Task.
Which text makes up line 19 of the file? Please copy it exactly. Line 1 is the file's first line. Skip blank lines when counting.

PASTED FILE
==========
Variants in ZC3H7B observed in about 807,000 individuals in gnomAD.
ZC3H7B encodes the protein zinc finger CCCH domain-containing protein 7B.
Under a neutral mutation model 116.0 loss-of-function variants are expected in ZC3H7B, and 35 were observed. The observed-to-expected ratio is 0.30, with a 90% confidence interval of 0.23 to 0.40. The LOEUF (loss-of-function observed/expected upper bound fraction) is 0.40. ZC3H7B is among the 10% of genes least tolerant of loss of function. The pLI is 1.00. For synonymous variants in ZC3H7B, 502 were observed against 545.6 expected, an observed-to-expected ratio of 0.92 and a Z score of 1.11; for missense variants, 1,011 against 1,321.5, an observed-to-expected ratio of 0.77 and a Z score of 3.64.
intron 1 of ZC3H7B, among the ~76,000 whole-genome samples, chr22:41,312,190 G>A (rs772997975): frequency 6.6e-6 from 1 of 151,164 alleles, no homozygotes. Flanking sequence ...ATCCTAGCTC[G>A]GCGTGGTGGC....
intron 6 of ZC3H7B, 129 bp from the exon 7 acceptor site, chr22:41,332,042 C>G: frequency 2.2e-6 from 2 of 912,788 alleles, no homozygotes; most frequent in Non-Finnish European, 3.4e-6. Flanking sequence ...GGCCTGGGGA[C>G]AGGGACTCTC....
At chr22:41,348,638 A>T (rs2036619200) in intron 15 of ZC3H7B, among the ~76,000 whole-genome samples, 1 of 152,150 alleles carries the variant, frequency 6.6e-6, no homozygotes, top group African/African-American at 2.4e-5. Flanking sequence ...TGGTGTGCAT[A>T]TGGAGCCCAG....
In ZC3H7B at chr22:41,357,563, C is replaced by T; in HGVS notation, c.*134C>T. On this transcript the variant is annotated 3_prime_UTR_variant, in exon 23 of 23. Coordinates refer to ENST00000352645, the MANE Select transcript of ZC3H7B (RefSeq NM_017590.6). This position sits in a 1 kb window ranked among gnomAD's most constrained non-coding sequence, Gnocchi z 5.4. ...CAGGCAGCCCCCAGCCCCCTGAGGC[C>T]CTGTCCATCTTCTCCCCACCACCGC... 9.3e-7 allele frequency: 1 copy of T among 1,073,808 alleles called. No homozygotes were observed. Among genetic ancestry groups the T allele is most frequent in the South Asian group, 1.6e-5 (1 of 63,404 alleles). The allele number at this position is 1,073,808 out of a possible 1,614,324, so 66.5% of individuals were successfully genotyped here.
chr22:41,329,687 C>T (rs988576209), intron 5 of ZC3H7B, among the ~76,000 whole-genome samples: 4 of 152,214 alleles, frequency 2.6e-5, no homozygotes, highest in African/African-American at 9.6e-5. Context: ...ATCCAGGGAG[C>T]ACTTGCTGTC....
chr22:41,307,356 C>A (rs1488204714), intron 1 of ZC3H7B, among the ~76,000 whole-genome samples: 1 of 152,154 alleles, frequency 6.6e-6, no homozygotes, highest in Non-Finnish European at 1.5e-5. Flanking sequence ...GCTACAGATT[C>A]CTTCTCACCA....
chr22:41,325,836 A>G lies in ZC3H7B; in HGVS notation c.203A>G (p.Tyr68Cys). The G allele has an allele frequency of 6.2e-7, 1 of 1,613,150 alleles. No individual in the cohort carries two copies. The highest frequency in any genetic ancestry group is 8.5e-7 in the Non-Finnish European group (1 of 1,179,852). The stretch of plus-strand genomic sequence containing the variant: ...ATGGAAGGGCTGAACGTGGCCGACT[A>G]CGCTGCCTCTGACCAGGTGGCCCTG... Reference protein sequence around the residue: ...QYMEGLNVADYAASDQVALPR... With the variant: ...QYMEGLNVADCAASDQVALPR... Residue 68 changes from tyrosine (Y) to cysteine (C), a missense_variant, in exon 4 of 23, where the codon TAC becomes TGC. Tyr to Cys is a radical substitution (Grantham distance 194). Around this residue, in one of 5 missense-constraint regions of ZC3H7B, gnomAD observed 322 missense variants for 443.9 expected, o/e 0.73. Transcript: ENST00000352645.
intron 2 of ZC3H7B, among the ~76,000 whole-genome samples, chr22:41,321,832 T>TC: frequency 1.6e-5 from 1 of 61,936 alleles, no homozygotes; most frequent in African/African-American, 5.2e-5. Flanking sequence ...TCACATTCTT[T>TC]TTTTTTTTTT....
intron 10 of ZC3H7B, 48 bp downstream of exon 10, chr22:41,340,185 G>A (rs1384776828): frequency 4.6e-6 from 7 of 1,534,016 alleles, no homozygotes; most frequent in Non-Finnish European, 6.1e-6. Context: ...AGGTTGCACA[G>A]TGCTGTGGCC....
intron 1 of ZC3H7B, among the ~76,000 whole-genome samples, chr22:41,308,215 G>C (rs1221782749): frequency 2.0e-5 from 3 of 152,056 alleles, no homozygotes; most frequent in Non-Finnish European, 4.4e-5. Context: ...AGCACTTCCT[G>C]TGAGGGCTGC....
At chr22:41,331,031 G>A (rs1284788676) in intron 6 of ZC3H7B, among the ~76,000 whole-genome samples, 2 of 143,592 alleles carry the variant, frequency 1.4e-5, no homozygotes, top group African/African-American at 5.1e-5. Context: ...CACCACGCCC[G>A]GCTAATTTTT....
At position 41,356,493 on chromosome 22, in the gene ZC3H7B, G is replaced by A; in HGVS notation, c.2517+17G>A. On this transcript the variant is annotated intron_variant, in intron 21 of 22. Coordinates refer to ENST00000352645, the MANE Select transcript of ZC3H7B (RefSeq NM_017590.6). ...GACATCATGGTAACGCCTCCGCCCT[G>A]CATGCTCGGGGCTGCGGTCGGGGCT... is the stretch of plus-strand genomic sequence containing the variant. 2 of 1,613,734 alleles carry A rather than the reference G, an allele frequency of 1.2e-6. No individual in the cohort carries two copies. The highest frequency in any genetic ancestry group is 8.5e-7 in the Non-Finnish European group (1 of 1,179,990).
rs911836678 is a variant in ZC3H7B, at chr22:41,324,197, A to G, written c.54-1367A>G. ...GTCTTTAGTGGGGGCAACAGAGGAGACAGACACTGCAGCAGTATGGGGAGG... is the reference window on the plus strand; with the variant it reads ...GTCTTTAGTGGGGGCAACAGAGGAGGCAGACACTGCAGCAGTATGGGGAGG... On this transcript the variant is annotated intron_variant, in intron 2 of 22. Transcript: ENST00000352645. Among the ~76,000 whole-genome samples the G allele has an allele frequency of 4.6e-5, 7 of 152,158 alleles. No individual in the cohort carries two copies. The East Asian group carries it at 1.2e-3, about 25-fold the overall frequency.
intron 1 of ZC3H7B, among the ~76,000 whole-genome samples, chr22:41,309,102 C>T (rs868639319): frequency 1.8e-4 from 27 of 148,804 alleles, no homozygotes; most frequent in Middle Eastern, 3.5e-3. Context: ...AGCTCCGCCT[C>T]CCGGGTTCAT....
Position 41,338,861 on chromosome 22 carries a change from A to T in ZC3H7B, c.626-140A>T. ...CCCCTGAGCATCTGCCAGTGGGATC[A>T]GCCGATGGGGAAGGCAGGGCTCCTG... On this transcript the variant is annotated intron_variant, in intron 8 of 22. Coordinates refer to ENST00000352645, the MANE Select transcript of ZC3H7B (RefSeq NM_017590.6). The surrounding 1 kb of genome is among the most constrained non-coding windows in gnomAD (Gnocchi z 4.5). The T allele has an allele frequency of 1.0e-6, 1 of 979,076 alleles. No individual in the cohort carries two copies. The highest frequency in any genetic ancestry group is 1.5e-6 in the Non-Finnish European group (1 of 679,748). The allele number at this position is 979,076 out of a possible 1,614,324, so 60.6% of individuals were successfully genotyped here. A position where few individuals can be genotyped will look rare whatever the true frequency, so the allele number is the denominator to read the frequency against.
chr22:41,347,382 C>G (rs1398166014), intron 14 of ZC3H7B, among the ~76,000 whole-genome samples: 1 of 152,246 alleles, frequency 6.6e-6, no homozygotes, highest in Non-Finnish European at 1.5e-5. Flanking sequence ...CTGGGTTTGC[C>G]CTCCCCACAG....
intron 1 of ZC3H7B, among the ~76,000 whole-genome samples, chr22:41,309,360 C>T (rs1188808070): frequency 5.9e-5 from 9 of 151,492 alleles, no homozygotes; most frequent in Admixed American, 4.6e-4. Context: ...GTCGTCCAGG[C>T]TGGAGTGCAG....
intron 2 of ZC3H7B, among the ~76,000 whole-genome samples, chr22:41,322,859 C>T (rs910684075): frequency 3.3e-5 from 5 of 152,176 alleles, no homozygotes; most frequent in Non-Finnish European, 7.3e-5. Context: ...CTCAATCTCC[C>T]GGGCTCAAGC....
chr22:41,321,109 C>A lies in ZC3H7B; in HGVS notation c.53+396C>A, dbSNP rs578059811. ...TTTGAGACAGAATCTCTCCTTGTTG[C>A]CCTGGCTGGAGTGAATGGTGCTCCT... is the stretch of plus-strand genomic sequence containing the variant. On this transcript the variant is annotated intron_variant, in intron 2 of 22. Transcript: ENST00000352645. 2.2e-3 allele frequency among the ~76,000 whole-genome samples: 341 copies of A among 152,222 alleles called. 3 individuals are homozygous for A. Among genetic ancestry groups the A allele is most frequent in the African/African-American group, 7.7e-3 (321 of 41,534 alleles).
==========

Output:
chr22:41,347,382 C>G (rs1398166014), intron 14 of ZC3H7B, among the ~76,000 whole-genome samples: 1 of 152,246 alleles, frequency 6.6e-6, no homozygotes, highest in Non-Finnish European at 1.5e-5. Flanking sequence ...CTGGGTTTGC[C>G]CTCCCCACAG....